Gui ceremonial blade
- Other titles:
- Ceremonial blade
- Lower Asian gallery
- Further information
In shape, this ceremonial or funerary jade is reminiscent of a Neolithic stone harvesting knife, even down to the perforations along the unsharpened edge. On the original these would have served to attach a backing or grip for the hand. To make the blade, its outline would first have been drawn on a flat slab sawn from the block. Jade is so hard it cannot b cut with metals; the Chinese used an abrasive sand with a greater degree of hardness. During the Shang period such replicas of tools were used as ceremonial emblems.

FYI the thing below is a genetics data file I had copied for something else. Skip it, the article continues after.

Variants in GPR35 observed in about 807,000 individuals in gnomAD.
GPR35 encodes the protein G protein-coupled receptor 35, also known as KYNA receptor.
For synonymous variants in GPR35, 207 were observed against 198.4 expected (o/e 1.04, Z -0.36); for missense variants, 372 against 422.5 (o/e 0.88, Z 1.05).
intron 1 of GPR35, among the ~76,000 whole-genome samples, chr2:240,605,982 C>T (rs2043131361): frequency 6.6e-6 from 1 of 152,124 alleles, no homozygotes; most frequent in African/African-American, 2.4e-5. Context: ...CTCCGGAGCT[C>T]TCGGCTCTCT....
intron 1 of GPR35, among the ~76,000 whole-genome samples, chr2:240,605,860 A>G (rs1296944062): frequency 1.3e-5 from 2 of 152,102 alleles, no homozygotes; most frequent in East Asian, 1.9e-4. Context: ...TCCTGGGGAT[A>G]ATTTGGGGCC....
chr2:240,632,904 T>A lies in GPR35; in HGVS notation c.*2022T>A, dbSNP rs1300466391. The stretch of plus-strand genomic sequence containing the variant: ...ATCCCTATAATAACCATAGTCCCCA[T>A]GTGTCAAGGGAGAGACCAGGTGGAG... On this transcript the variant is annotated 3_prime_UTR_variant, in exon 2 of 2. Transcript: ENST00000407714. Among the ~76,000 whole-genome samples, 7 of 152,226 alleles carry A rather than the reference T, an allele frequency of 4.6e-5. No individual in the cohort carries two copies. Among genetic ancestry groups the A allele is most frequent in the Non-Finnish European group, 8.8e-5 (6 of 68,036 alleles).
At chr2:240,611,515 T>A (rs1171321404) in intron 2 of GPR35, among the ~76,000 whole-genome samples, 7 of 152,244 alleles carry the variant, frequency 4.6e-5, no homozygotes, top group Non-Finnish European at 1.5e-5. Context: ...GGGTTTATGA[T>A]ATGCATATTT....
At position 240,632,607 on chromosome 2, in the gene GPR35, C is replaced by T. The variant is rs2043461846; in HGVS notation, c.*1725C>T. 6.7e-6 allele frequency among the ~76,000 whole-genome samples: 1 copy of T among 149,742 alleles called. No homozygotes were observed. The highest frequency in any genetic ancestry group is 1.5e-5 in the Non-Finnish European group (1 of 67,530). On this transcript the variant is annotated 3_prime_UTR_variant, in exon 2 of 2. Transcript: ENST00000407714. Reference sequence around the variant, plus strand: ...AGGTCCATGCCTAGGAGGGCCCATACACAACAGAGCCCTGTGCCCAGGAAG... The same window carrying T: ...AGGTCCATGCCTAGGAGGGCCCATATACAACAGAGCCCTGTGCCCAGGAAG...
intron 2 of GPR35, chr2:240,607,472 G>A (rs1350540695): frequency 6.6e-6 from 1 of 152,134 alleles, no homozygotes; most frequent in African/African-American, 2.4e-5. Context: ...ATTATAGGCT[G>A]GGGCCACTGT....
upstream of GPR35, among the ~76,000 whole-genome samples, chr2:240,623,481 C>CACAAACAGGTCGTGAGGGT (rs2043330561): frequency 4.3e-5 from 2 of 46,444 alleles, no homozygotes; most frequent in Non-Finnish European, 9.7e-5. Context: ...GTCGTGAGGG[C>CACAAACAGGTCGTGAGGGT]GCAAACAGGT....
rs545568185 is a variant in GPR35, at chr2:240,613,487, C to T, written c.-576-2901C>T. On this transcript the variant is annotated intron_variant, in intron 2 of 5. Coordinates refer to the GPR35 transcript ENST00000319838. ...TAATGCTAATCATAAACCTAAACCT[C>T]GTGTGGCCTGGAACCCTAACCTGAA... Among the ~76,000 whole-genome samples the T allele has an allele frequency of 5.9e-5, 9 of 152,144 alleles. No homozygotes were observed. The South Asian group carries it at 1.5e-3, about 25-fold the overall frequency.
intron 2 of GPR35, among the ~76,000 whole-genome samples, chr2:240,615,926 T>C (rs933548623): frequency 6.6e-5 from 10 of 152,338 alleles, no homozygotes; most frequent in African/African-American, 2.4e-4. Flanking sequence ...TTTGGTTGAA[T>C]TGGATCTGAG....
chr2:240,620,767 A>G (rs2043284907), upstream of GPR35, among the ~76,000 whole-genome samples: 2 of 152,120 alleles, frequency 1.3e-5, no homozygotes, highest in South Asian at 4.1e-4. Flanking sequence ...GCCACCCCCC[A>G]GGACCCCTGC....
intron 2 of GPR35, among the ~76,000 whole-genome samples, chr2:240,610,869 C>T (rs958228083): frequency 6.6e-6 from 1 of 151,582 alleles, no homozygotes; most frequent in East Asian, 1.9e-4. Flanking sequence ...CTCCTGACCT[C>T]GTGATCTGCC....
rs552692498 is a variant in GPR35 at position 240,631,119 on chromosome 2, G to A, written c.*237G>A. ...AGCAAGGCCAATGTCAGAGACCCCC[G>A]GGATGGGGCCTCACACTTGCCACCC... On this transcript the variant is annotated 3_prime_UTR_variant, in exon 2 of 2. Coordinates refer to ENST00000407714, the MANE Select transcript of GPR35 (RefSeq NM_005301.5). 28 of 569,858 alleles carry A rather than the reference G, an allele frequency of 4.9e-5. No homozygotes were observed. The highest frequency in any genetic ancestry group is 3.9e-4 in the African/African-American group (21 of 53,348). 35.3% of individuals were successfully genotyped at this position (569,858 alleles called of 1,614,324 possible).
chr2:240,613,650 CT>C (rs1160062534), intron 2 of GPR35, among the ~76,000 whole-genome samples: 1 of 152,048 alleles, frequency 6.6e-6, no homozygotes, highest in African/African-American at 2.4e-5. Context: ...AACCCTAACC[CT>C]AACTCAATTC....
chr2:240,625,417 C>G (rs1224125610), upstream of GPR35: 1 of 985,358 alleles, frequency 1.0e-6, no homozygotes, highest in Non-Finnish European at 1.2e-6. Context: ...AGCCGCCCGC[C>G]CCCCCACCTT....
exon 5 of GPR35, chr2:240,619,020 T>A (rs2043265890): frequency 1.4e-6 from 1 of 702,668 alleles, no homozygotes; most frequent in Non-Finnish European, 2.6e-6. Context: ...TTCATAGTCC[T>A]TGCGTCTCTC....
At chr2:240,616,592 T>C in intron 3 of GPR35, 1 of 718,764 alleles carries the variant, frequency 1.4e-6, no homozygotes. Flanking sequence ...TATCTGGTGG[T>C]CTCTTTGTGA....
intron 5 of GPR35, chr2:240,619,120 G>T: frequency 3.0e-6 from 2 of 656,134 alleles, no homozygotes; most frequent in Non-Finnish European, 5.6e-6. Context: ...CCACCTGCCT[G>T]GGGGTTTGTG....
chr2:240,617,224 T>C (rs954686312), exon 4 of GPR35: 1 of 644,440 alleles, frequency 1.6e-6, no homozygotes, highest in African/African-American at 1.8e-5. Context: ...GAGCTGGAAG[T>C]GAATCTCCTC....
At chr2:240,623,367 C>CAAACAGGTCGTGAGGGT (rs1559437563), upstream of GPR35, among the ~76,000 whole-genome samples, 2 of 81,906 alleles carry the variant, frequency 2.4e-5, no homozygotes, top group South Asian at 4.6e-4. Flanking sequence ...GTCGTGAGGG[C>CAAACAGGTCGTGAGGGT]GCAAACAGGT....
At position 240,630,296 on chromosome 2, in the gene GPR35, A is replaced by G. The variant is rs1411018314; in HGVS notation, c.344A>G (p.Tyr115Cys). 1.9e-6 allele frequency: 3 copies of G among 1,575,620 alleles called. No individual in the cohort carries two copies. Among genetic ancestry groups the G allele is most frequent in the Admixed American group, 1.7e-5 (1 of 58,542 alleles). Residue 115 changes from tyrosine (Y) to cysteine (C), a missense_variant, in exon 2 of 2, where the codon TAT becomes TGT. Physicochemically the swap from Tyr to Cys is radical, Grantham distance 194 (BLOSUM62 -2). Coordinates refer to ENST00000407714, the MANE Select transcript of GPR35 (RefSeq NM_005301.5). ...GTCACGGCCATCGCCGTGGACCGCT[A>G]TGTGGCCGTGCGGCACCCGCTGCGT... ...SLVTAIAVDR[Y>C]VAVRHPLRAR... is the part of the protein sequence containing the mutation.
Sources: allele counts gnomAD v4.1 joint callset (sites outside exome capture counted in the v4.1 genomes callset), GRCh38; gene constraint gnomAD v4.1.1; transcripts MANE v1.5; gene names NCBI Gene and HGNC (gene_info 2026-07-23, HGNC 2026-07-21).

‘The Asian Collections: Art Gallery of New South Wales’. pg.73
© 2003 Trustees, Art Gallery of New South Wales
- Place of origin
- China: Shang dynasty circa 1600–1100 BCE
- Ceremonial object
- 52.1 x 9.5 x 0.3 cm; 56.5 x 10.0 x 1.0 cm mounted on mount; 56.5 x 12.5 x 13.9 cm object with stand
- Signature & date
- Not signed. Not dated.
- Gift of Dr J.L. Shellshear 1954
- Accession number